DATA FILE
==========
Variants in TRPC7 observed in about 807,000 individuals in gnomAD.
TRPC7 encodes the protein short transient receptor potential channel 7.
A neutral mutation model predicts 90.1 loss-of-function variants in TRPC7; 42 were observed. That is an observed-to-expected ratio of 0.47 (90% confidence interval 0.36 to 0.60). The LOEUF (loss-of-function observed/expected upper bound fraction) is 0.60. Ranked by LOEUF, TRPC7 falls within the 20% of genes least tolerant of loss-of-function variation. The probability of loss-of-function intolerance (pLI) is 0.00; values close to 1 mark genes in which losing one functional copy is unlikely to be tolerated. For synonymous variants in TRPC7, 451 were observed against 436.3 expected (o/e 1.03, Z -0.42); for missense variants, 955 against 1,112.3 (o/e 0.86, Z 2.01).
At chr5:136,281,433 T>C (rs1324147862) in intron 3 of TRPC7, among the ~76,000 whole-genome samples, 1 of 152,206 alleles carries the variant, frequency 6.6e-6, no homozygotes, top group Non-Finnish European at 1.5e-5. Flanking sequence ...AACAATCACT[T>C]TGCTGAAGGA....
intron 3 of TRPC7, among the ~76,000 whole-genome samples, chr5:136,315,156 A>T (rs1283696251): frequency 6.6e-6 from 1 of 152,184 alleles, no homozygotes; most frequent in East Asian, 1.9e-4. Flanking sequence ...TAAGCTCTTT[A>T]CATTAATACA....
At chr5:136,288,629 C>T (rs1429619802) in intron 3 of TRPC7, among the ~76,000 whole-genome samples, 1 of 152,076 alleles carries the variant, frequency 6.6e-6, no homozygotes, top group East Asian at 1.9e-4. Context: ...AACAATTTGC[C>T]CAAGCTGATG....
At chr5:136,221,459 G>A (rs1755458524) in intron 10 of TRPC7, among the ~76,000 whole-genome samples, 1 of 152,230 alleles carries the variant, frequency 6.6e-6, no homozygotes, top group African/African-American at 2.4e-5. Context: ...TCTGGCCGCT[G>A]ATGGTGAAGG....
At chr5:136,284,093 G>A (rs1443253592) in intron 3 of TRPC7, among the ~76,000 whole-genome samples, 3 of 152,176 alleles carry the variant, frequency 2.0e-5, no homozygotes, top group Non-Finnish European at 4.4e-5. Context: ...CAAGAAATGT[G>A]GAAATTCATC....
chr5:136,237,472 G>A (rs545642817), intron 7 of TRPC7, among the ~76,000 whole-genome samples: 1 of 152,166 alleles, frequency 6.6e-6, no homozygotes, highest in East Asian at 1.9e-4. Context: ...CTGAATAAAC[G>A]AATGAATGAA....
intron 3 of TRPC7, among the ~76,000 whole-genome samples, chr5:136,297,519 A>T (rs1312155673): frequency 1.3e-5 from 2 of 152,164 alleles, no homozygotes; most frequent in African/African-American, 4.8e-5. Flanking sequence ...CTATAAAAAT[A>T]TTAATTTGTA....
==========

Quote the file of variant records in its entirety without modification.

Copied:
Variants in TRPC7 observed in about 807,000 individuals in gnomAD.
TRPC7 encodes the protein short transient receptor potential channel 7.
A neutral mutation model predicts 90.1 loss-of-function variants in TRPC7; 42 were observed. That is an observed-to-expected ratio of 0.47 (90% confidence interval 0.36 to 0.60). The LOEUF (loss-of-function observed/expected upper bound fraction) is 0.60. Ranked by LOEUF, TRPC7 falls within the 20% of genes least tolerant of loss-of-function variation. The probability of loss-of-function intolerance (pLI) is 0.00; values close to 1 mark genes in which losing one functional copy is unlikely to be tolerated. For synonymous variants in TRPC7, 451 were observed against 436.3 expected (o/e 1.03, Z -0.42); for missense variants, 955 against 1,112.3 (o/e 0.86, Z 2.01).
At chr5:136,281,433 T>C (rs1324147862) in intron 3 of TRPC7, among the ~76,000 whole-genome samples, 1 of 152,206 alleles carries the variant, frequency 6.6e-6, no homozygotes, top group Non-Finnish European at 1.5e-5. Flanking sequence ...AACAATCACT[T>C]TGCTGAAGGA....
intron 3 of TRPC7, among the ~76,000 whole-genome samples, chr5:136,315,156 A>T (rs1283696251): frequency 6.6e-6 from 1 of 152,184 alleles, no homozygotes; most frequent in East Asian, 1.9e-4. Flanking sequence ...TAAGCTCTTT[A>T]CATTAATACA....
At chr5:136,288,629 C>T (rs1429619802) in intron 3 of TRPC7, among the ~76,000 whole-genome samples, 1 of 152,076 alleles carries the variant, frequency 6.6e-6, no homozygotes, top group East Asian at 1.9e-4. Context: ...AACAATTTGC[C>T]CAAGCTGATG....
At chr5:136,221,459 G>A (rs1755458524) in intron 10 of TRPC7, among the ~76,000 whole-genome samples, 1 of 152,230 alleles carries the variant, frequency 6.6e-6, no homozygotes, top group African/African-American at 2.4e-5. Context: ...TCTGGCCGCT[G>A]ATGGTGAAGG....
At chr5:136,284,093 G>A (rs1443253592) in intron 3 of TRPC7, among the ~76,000 whole-genome samples, 3 of 152,176 alleles carry the variant, frequency 2.0e-5, no homozygotes, top group Non-Finnish European at 4.4e-5. Context: ...CAAGAAATGT[G>A]GAAATTCATC....
chr5:136,237,472 G>A (rs545642817), intron 7 of TRPC7, among the ~76,000 whole-genome samples: 1 of 152,166 alleles, frequency 6.6e-6, no homozygotes, highest in East Asian at 1.9e-4. Context: ...CTGAATAAAC[G>A]AATGAATGAA....
intron 3 of TRPC7, among the ~76,000 whole-genome samples, chr5:136,297,519 A>T (rs1312155673): frequency 1.3e-5 from 2 of 152,164 alleles, no homozygotes; most frequent in African/African-American, 4.8e-5. Flanking sequence ...CTATAAAAAT[A>T]TTAATTTGTA....